Here’s the introduction to their piece….
When it comes to Code Section 280E, the Internal Revenue Service (IRS) continues its unbeaten streak in U.S. Tax Court. In the recent case, San Jose Wellness (SJW), a subsidiary of the well-known Harborside, a California retail dispensary, lost both of its arguments and was hit with a 20% penalty. It is clear, yet again, that the Tax Courts do not want to hear the argument, “280E does not apply to legal cannabis businesses since we sell non-cannabis merchandise and services as well.” In the IRS’s opinion, it does not work in this case and others.
The two arguments contended by SJW were that depreciation expense and charitable contributions fall outside of 280E. Both arguments failed. The Tax Court opined that depreciation “represents using up of capital-is as much an ‘expenditure’ as the using up of labor or other items of direct cost.” SJW argued that depreciation falls outside the scope of Code Sec. 280E because depreciation is not “paid or incurred during the tax year.” This position failed.
The charitable contribution argument resulted in the same outcome. SJW also contended that its charitable contributions were not paid “in carrying on” a trade or business, as required by Code Sec. 280E. The Court said, “it is well established that corporations are permitted to make substantial contributions which have the outward form of gifts where the activity being promoted by the so-called gift tends reasonably to promote the goodwill of the business of the contributing corporation.” Thus, SJW contributed the amounts “in carrying on” its trade or business.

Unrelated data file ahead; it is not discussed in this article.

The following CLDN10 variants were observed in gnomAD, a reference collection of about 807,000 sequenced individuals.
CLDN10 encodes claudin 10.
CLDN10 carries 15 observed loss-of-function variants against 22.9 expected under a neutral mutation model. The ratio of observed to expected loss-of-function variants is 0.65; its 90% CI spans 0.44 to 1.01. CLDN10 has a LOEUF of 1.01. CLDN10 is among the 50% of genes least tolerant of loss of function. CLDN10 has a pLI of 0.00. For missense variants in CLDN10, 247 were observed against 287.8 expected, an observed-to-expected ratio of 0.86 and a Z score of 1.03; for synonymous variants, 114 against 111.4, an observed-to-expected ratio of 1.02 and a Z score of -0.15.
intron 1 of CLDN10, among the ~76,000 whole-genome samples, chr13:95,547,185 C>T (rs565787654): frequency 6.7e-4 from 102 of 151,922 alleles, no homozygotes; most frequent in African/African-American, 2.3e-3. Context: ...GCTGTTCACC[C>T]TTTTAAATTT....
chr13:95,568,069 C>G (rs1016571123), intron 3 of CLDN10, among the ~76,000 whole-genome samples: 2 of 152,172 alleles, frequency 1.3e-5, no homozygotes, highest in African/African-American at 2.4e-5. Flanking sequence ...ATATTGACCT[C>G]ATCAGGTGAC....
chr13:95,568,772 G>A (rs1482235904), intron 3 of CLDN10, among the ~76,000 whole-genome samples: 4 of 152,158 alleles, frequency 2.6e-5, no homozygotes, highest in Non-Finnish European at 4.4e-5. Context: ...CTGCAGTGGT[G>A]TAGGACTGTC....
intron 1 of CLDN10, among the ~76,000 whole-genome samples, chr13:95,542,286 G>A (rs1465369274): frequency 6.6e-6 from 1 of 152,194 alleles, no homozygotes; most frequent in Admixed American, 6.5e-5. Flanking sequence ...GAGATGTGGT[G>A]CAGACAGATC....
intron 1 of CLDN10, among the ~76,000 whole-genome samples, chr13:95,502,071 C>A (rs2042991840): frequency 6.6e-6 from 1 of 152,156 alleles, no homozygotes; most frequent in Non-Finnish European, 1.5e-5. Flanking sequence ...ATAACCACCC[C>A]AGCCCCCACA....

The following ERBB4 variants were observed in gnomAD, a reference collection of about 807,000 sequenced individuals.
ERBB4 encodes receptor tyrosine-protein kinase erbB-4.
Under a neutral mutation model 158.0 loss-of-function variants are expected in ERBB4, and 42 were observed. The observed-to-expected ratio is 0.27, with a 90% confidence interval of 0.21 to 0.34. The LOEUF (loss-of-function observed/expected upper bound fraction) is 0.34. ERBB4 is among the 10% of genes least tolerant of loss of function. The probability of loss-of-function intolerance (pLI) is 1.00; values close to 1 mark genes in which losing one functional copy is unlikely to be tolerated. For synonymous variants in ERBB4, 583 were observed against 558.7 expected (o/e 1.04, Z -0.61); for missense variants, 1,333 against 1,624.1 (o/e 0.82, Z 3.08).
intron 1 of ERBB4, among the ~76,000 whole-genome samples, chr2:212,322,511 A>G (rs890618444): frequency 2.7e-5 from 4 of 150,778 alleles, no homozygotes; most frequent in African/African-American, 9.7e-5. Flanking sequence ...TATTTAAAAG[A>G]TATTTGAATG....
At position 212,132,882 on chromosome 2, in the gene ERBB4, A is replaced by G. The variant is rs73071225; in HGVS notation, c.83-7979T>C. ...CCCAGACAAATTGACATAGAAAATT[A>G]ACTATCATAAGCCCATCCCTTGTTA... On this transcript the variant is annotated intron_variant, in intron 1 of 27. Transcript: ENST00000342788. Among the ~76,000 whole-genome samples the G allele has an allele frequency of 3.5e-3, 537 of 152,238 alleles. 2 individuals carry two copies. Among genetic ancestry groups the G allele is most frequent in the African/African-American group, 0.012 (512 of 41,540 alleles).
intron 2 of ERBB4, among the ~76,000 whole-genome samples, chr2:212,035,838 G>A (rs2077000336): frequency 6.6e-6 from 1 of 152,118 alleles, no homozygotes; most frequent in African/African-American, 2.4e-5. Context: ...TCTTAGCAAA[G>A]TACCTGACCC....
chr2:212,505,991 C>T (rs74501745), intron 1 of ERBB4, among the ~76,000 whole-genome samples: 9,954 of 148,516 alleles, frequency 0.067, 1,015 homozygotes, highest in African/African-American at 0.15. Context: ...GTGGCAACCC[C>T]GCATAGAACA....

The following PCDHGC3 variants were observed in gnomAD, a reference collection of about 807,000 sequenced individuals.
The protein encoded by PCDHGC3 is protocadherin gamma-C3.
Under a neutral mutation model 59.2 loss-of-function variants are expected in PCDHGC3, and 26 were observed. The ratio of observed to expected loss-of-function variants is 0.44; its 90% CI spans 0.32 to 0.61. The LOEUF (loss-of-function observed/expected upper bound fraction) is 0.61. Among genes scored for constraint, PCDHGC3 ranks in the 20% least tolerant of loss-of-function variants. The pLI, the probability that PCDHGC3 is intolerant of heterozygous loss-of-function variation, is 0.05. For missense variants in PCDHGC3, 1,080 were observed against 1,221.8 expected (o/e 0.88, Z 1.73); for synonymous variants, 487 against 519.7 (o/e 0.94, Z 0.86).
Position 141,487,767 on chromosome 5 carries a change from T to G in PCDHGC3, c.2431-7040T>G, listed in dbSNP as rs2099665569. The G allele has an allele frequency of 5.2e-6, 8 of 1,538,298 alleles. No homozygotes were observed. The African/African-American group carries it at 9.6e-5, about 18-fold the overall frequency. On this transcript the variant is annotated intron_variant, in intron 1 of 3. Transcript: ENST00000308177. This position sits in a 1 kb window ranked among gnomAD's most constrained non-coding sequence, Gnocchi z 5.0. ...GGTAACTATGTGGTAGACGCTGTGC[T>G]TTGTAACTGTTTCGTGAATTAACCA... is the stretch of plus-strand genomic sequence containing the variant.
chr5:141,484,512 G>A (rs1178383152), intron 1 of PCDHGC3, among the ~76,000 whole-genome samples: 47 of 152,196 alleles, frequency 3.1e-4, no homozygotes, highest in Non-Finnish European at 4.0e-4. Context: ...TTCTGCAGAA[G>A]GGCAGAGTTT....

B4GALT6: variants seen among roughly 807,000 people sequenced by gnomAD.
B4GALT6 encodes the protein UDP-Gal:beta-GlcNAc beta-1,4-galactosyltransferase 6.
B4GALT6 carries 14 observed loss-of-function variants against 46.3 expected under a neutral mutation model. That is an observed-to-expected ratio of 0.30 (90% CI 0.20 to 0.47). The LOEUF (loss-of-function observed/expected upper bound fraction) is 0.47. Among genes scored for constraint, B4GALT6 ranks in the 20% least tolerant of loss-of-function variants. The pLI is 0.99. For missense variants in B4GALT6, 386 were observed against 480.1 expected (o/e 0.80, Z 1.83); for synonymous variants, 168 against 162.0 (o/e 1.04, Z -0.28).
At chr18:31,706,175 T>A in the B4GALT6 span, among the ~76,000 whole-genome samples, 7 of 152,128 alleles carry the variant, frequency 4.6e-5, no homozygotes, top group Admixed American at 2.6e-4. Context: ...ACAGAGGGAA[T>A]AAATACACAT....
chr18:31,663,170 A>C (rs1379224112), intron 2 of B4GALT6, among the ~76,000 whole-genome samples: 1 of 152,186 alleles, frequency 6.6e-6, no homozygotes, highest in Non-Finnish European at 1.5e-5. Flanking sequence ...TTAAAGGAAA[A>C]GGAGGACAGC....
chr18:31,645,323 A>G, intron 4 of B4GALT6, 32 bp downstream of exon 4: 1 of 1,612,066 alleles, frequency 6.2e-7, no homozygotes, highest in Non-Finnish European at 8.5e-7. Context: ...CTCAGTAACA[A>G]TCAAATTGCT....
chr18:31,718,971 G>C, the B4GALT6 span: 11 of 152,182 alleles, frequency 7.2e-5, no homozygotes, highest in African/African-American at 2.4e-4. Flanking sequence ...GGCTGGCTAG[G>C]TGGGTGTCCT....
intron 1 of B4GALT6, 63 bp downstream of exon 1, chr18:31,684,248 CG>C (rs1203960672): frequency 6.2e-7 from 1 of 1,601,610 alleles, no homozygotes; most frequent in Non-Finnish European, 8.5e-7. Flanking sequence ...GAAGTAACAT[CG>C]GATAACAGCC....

The Court also disagreed that charitable contributions fall outside the purview of 280E. It said that the concept has no relevance under Code Sec. 280E, which applies to “any amount paid or incurred… in carrying on any trade or business.”
After losing on both counts, the court upheld the negligence penalty. The Court noted that Code Sec. 280E “sweeps broadly to preclude a deduction for any amount paid or incurred and in each of the four marijuana dispensary cases that had been decided as of June 15, 2016: when SJW filed the tax return in question, “the Court had disallowed all of the taxpayer’s deductions.”
Full article at